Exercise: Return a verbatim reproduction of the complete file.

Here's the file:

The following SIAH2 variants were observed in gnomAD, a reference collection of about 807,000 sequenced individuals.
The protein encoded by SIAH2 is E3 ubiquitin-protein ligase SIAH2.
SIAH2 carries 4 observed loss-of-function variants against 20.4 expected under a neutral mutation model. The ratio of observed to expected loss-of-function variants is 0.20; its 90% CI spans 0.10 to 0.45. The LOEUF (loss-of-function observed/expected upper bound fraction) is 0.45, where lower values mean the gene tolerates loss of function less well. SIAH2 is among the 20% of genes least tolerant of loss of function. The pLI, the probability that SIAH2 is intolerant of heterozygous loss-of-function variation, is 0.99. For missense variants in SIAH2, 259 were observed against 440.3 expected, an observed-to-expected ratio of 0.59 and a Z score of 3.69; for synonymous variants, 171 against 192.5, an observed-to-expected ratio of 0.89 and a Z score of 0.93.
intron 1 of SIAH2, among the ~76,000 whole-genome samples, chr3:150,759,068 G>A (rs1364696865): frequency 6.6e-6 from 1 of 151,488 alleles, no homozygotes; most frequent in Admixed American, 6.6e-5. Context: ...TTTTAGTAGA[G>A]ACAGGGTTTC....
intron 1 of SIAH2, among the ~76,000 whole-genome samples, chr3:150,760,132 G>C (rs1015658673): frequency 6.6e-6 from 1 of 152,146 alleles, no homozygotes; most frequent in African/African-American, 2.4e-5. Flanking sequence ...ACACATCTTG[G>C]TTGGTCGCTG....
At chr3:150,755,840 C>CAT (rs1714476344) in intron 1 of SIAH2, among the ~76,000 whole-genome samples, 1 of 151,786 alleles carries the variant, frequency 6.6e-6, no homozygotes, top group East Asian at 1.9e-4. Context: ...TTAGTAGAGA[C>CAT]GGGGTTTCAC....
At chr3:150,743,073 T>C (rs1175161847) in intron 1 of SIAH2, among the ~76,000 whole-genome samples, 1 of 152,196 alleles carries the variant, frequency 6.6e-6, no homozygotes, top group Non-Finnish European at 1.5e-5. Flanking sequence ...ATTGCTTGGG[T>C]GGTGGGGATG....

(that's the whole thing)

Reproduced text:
The following SIAH2 variants were observed in gnomAD, a reference collection of about 807,000 sequenced individuals.
The protein encoded by SIAH2 is E3 ubiquitin-protein ligase SIAH2.
SIAH2 carries 4 observed loss-of-function variants against 20.4 expected under a neutral mutation model. The ratio of observed to expected loss-of-function variants is 0.20; its 90% CI spans 0.10 to 0.45. The LOEUF (loss-of-function observed/expected upper bound fraction) is 0.45, where lower values mean the gene tolerates loss of function less well. SIAH2 is among the 20% of genes least tolerant of loss of function. The pLI, the probability that SIAH2 is intolerant of heterozygous loss-of-function variation, is 0.99. For missense variants in SIAH2, 259 were observed against 440.3 expected, an observed-to-expected ratio of 0.59 and a Z score of 3.69; for synonymous variants, 171 against 192.5, an observed-to-expected ratio of 0.89 and a Z score of 0.93.
intron 1 of SIAH2, among the ~76,000 whole-genome samples, chr3:150,759,068 G>A (rs1364696865): frequency 6.6e-6 from 1 of 151,488 alleles, no homozygotes; most frequent in Admixed American, 6.6e-5. Context: ...TTTTAGTAGA[G>A]ACAGGGTTTC....
intron 1 of SIAH2, among the ~76,000 whole-genome samples, chr3:150,760,132 G>C (rs1015658673): frequency 6.6e-6 from 1 of 152,146 alleles, no homozygotes; most frequent in African/African-American, 2.4e-5. Flanking sequence ...ACACATCTTG[G>C]TTGGTCGCTG....
At chr3:150,755,840 C>CAT (rs1714476344) in intron 1 of SIAH2, among the ~76,000 whole-genome samples, 1 of 151,786 alleles carries the variant, frequency 6.6e-6, no homozygotes, top group East Asian at 1.9e-4. Context: ...TTAGTAGAGA[C>CAT]GGGGTTTCAC....
At chr3:150,743,073 T>C (rs1175161847) in intron 1 of SIAH2, among the ~76,000 whole-genome samples, 1 of 152,196 alleles carries the variant, frequency 6.6e-6, no homozygotes, top group Non-Finnish European at 1.5e-5. Flanking sequence ...ATTGCTTGGG[T>C]GGTGGGGATG....